A word about “Swimming” from Weird and Awesome: I’ve actually cooked a bunch of pieces in my mind, many more so once I got into dance and cultivated the idea that I could do dance theatre, lack of lifetime dance chops be damned. “Swimming” was one very small part of a larger, full length solo piece I’ve slowly cooked and developed in my mind for months.
I didn’t walk in the door of that meeting with a firm idea, but once I saw I had the green light to do something, and feeling inspired from my first Gaga intensive session with Danielle Agami that I could create choreography in a hurry, I quickly decided at that moment to take “Swimming” plus another part of my full-length idea and choreograph them into a seven minute solo dance piece for the Participant Showing I would eventually title “Rediscovery”. I quickly pitched it and, having shown confidence in a relatively well formed idea, it quickly got thrown onto the lineup. I now had five days to make a dance piece for a show.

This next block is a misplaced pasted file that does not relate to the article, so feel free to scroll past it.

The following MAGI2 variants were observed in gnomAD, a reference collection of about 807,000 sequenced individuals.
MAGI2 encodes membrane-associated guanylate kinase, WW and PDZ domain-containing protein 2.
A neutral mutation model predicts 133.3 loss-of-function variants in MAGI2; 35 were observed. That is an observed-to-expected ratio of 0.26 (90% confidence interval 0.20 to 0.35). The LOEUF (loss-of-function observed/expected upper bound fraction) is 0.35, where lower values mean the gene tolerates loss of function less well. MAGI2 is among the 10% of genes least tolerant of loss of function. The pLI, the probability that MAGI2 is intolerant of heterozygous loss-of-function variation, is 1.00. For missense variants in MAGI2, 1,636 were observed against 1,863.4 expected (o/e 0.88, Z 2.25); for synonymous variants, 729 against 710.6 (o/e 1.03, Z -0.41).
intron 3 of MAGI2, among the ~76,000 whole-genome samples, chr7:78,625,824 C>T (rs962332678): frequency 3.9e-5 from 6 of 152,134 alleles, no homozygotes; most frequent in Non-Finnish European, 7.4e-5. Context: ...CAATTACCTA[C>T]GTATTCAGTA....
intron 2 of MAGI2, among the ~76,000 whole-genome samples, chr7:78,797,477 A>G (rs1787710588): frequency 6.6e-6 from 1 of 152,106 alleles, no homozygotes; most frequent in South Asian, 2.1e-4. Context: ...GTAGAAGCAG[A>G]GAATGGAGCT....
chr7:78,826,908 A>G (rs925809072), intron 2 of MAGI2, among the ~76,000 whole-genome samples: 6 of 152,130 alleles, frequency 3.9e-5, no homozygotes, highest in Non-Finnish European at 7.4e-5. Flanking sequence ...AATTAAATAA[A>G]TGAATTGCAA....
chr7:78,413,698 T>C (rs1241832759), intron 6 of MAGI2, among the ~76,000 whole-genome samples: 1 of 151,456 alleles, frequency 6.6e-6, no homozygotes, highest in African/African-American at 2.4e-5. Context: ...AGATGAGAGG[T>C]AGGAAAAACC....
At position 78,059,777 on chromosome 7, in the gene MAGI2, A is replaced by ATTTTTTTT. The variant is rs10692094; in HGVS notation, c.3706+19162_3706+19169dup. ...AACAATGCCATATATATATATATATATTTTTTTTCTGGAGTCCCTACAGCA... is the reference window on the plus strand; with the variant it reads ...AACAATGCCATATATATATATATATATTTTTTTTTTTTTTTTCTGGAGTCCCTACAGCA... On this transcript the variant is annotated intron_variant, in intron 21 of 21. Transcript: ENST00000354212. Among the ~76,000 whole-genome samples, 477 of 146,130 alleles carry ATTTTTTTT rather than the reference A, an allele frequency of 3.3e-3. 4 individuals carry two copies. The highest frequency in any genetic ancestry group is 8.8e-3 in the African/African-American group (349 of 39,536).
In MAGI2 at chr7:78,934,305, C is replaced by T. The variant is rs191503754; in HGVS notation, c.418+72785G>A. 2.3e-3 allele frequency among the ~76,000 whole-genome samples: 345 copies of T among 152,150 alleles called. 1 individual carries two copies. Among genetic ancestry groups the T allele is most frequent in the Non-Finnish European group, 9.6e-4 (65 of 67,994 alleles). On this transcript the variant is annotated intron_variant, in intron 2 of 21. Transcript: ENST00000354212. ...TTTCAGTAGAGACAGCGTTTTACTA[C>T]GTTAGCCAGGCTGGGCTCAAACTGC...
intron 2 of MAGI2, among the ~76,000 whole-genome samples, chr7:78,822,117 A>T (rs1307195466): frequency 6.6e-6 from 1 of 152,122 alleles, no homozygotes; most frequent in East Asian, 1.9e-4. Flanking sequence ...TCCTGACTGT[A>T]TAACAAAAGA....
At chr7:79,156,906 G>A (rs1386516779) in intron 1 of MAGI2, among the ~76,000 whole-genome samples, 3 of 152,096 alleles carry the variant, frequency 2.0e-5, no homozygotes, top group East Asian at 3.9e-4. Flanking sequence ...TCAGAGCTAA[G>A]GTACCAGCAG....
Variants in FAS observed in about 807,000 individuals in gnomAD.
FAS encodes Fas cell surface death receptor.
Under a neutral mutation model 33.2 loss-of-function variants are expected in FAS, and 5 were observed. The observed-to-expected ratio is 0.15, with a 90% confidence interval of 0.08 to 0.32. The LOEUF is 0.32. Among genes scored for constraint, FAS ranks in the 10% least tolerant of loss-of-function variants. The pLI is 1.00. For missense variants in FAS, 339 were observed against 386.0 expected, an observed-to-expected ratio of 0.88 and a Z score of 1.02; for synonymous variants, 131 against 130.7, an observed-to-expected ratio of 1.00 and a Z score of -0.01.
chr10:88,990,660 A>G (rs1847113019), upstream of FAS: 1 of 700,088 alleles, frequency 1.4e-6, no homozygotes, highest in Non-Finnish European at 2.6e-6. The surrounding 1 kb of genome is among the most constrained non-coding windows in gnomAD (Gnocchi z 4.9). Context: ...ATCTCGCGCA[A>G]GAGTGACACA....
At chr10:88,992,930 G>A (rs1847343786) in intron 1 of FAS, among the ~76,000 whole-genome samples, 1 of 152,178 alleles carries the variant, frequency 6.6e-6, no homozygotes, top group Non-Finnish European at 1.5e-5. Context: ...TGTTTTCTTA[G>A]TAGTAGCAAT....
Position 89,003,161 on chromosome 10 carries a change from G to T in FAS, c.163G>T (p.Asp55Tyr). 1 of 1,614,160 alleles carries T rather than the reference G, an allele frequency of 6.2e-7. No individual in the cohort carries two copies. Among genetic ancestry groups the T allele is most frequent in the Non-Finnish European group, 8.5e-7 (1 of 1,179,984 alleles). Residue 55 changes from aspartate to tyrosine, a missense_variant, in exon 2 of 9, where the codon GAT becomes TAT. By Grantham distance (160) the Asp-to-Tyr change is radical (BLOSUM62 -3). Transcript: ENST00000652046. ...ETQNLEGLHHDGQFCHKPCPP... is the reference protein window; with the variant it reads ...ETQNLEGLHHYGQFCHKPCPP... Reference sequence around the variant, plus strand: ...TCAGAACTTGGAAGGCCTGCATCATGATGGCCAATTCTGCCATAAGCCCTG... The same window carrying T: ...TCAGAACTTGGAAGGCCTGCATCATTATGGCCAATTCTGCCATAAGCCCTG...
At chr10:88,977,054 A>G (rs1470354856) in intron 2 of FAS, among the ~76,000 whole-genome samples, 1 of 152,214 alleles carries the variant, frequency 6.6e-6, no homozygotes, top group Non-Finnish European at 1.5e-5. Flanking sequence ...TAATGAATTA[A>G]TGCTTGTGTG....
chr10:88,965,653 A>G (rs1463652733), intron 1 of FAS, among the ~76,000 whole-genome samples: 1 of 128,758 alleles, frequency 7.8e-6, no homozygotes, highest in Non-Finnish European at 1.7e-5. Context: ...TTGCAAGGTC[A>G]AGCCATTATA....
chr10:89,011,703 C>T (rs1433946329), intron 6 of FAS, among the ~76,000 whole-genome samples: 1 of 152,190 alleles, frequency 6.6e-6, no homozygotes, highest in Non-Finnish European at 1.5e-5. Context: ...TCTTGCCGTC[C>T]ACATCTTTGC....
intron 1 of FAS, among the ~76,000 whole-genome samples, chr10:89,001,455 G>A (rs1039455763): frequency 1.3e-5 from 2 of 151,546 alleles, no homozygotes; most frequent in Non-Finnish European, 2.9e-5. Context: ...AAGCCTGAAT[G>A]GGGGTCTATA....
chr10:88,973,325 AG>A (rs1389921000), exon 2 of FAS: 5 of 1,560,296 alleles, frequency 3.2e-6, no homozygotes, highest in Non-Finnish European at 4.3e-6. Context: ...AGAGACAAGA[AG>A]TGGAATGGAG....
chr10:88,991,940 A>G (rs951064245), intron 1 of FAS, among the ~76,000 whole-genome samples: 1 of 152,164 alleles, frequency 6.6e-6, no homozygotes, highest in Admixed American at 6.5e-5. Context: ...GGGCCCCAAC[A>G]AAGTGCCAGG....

Yes, I had formed “Swimming” for Weird and Awesome but it definitely was more theatre than dance and I now had developed enough dance skill to make more dance of it. I could keep the score (the skeleton of beats to hit) but would have to actually create new choreography to connect those beats as well as the 2nd half of the piece, which would have to be completely choreographed from scratch. The music I eventually picked wasn’t actually my first choice, but I told Kim Lusk I needed 7-8 minutes and my first choice was a longer piece that not only would have pushed my piece to 9 minutes but for which I didn’t have as many concrete choreography ideas off the bat as the music I eventually settled on.